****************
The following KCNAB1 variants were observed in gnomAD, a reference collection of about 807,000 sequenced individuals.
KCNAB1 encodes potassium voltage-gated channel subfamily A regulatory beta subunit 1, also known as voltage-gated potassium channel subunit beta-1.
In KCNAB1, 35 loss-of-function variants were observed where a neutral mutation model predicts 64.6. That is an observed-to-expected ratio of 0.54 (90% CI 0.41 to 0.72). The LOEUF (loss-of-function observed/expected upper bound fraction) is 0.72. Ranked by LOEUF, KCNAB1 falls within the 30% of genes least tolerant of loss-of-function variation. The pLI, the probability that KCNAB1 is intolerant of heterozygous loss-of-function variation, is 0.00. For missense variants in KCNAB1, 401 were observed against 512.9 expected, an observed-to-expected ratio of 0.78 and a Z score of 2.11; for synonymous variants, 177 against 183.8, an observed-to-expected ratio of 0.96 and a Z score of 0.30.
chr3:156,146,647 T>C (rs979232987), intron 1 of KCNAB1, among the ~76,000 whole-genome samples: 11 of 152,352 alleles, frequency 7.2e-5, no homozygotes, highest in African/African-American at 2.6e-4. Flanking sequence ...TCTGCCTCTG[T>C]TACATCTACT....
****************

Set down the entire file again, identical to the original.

The following KCNAB1 variants were observed in gnomAD, a reference collection of about 807,000 sequenced individuals.
KCNAB1 encodes potassium voltage-gated channel subfamily A regulatory beta subunit 1, also known as voltage-gated potassium channel subunit beta-1.
In KCNAB1, 35 loss-of-function variants were observed where a neutral mutation model predicts 64.6. That is an observed-to-expected ratio of 0.54 (90% CI 0.41 to 0.72). The LOEUF (loss-of-function observed/expected upper bound fraction) is 0.72. Ranked by LOEUF, KCNAB1 falls within the 30% of genes least tolerant of loss-of-function variation. The pLI, the probability that KCNAB1 is intolerant of heterozygous loss-of-function variation, is 0.00. For missense variants in KCNAB1, 401 were observed against 512.9 expected, an observed-to-expected ratio of 0.78 and a Z score of 2.11; for synonymous variants, 177 against 183.8, an observed-to-expected ratio of 0.96 and a Z score of 0.30.
chr3:156,146,647 T>C (rs979232987), intron 1 of KCNAB1, among the ~76,000 whole-genome samples: 11 of 152,352 alleles, frequency 7.2e-5, no homozygotes, highest in African/African-American at 2.6e-4. Flanking sequence ...TCTGCCTCTG[T>C]TACATCTACT....